Adherence to chronic medication in older populations: application of a common protocol among three European cohorts
Received 7 February 2018
Accepted for publication 30 April 2018
Published 5 October 2018 Volume 2018:12 Pages 1975—1987
Checked for plagiarism Yes
Review by Single-blind
Peer reviewer comments 2
Editor who approved publication: Dr Johnny Chen
Enrica Menditto,1,* Caitriona Cahir,2,* Mercedes Aza-Pascual-Salcedo,3,4 Dario Bruzzese,5 Beatriz Poblador-Plou,3 Sara Malo,6 Elisio Costa,7 Francisca González-Rubio,3,4,6 Antonio Gimeno-Miguel,3 Valentina Orlando,1 Przemyslaw Kardas,8 Alexandra Prados-Torres3
1CIRFF, Center of Pharmacoeconomics, University of Naples Federico II, Naples, Italy; 2Division of Population Health Sciences, Royal College of Surgeons in Ireland, Dublin, Ireland; 3Aragon Health Sciences Institute (IACS), IIS Aragón, REDISSEC ISCIII, Madrid, Spain; 4Aragon Health Service (SALUD), Aragon, Spain; 5Department of Public Health, Federico II University, Naples, Italy; 6University of Zaragoza, Zaragoza, Spain; 7UCIBIO, REQUINTE, Faculty of Pharmacy, Porto4ageing Reference Site, University of Porto, Porto, Portugal; 8Department of Family Medicine, Medical University of Lodz, Lodz, Poland
*These authors contributed equally to this work
Purpose: The purpose of this study was to evaluate and compare medication adherence to chronic therapies in older populations across different regions in Europe.
Methods: This explorative study applied a harmonized method of data extraction and analysis from pharmacy claims databases of three European countries to compare medication adherence at a cross-country level. Data were obtained for the period between January 1, 2010, and December 31, 2011. Patients (aged ≥65 years) who newly initiated to oral antidiabetics, antihyperlipidemics, or antiosteoporotics were identified and followed for over a 12-month period. Main outcome measures were medication adherence (medication possession ratio, [MPR]; implementation) and persistence on index treatment. All country-specific data sets were prepared by employing a common data input model. Outcome measures were calculated for each country and pooled using random effect models.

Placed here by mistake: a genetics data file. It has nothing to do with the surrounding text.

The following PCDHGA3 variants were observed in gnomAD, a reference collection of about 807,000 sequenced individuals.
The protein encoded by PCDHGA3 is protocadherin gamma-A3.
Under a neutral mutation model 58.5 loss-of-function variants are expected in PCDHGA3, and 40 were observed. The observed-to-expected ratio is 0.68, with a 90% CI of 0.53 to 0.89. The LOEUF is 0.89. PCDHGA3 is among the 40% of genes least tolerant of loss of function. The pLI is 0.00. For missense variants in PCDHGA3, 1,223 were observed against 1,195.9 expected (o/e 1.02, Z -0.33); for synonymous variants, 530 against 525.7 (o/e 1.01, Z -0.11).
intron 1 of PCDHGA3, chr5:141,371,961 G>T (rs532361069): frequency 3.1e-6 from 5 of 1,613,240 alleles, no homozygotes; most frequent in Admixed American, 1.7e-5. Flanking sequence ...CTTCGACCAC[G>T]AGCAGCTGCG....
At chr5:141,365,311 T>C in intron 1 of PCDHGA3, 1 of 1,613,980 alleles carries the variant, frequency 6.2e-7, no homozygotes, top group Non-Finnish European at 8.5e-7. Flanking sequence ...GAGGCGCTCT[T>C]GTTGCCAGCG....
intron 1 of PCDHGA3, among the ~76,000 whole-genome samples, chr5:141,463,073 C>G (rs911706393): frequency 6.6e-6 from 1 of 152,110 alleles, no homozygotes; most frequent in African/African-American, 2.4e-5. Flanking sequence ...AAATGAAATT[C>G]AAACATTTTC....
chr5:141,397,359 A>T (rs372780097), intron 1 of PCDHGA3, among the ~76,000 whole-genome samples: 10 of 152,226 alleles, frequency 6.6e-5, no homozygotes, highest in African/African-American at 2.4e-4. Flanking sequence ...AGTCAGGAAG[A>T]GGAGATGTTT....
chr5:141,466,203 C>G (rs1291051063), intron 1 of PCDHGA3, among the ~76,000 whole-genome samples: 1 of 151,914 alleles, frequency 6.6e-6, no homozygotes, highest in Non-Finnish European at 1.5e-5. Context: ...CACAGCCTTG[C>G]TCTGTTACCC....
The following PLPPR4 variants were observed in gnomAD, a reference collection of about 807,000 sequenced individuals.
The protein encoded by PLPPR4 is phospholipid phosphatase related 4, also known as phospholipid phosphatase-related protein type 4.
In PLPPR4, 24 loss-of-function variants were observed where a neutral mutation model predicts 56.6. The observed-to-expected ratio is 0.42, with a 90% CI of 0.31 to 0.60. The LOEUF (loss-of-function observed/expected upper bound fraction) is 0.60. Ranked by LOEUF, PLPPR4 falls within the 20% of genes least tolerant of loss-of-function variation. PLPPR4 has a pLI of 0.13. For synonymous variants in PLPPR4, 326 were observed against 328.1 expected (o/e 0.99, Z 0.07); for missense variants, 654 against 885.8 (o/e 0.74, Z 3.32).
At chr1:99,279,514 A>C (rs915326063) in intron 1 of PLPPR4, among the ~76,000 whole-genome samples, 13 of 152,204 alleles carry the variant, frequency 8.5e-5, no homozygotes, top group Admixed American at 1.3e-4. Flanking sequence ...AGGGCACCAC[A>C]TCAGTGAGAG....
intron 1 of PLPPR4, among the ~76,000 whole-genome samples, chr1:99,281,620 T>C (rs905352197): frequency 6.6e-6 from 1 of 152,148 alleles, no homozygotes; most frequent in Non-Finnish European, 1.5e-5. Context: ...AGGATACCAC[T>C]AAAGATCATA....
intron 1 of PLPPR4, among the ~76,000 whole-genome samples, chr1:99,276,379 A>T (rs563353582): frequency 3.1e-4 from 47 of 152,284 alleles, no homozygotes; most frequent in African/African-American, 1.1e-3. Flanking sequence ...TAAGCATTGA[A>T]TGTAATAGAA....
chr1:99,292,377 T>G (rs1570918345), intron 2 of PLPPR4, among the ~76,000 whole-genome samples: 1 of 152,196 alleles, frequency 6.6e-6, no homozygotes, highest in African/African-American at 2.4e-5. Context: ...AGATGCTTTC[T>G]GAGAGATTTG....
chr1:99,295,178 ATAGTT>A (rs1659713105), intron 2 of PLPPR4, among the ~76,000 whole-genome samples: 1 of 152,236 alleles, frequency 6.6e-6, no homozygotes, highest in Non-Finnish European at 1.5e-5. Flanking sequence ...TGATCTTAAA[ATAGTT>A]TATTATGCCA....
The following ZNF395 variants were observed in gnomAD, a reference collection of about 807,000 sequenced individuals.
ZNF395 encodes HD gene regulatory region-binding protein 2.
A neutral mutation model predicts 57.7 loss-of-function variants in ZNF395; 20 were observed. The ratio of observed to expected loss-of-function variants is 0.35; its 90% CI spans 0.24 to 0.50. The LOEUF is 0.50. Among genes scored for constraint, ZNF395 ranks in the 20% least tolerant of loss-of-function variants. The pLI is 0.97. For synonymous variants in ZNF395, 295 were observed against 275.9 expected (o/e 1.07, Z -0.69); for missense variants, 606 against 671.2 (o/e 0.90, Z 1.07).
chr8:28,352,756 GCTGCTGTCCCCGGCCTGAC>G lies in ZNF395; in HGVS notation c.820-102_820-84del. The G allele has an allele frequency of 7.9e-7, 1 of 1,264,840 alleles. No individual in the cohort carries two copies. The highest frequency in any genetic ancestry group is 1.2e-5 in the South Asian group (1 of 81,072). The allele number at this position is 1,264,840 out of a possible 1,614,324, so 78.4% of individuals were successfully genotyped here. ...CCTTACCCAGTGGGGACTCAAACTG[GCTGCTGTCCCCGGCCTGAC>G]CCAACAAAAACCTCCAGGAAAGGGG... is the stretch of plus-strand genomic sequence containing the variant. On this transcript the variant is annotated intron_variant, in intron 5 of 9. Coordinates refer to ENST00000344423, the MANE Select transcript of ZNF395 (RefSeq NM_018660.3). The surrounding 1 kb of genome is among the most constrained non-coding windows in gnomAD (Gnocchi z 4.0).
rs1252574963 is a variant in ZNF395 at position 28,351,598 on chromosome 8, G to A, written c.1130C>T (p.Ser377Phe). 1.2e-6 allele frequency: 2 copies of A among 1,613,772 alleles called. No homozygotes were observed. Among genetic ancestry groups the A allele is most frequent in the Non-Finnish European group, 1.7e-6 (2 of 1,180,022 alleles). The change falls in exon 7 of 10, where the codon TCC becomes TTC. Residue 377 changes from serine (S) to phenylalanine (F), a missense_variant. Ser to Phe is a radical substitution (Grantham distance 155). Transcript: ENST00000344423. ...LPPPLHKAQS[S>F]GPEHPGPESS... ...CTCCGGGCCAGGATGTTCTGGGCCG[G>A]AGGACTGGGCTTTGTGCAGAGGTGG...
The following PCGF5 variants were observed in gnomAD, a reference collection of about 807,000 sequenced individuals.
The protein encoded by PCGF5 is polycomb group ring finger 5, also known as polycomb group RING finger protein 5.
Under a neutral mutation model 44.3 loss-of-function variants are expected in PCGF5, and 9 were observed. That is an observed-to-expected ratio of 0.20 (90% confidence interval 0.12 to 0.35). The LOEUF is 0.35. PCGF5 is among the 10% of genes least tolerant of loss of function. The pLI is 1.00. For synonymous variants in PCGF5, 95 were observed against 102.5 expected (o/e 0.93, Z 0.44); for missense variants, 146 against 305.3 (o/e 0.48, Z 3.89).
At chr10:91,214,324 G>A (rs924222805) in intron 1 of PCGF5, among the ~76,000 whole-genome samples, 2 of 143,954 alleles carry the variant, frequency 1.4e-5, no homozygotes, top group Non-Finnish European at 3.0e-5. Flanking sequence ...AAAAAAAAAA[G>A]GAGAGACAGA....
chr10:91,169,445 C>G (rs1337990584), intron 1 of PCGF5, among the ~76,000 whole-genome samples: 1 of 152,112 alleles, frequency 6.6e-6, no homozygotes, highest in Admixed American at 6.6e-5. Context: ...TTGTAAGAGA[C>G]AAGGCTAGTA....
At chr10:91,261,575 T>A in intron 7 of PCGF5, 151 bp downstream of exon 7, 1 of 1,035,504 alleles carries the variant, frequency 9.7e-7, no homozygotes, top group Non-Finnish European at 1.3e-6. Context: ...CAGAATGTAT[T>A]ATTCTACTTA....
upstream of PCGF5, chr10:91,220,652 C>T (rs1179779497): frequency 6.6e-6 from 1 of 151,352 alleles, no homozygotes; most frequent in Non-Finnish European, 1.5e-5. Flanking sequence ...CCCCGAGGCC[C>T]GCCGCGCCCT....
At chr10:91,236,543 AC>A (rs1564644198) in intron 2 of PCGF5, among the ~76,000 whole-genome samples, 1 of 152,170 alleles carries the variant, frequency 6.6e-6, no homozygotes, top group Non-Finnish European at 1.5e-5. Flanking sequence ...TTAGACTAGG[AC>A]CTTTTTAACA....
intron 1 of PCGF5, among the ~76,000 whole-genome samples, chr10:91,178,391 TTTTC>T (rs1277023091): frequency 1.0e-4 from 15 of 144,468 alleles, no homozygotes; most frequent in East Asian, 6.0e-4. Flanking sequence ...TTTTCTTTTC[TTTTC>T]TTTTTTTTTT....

Results: In total, 39,186 new users were analyzed. In pooled data from the three countries, suboptimal implementation (MPR <80%) was 52.45% (95% CI: 33.43–70.79) for antihyperlipidemics, 61.35% (95% CI: 52.83–69.22) for antiosteoporotics, and 30.33% (95% CI: 25.53–35.60) for oral antidiabetics. Similarly, rates of non-persistence (discontinuation) were 55.63% (95% CI: 35.24–74.29) for antihyperlipidemics, 60.24% (95% CI: 45.35–73.46) for antiosteoporotics, and 46.80% (95% CI: 36.40–57.4) for oral antidiabetics.
Conclusion: Medication adherence was suboptimal with >50% of older people non-adherent to antihyperlipidemics and antiosteoporotics in the three European cohorts. However, the degree of variability in adherence rates among the three countries was high. A harmonized method of data extraction and analysis across health-related database in Europe is useful to compare medication-taking behavior at a cross-country level.
Keywords: drug utilization, medication adherence, medication persistence, prescribing
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